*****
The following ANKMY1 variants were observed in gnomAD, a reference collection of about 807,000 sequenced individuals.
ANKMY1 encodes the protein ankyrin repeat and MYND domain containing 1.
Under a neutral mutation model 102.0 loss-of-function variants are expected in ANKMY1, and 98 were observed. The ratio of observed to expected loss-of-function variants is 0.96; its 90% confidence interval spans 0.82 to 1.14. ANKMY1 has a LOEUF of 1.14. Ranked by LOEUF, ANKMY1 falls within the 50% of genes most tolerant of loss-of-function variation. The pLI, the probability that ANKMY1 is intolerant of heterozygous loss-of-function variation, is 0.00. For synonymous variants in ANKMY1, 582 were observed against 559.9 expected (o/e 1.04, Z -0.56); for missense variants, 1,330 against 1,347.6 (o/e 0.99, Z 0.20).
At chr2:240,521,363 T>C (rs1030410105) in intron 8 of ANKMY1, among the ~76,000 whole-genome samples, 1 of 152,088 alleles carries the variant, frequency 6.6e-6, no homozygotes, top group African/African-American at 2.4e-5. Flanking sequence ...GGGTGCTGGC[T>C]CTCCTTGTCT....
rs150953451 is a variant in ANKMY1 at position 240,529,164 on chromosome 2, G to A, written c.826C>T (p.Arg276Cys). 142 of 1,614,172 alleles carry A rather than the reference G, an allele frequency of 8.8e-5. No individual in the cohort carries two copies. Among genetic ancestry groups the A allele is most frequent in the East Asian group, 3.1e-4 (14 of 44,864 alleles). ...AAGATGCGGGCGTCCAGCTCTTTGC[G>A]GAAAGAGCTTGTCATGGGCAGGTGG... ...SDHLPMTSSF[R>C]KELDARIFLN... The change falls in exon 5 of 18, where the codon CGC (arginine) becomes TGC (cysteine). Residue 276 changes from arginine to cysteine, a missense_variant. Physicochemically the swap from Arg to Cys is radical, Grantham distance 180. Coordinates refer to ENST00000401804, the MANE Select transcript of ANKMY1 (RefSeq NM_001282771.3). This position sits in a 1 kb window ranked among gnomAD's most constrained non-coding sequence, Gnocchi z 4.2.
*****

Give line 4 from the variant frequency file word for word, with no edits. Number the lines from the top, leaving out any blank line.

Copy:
At chr2:240,521,363 T>C (rs1030410105) in intron 8 of ANKMY1, among the ~76,000 whole-genome samples, 1 of 152,088 alleles carries the variant, frequency 6.6e-6, no homozygotes, top group African/African-American at 2.4e-5. Flanking sequence ...GGGTGCTGGC[T>C]CTCCTTGTCT....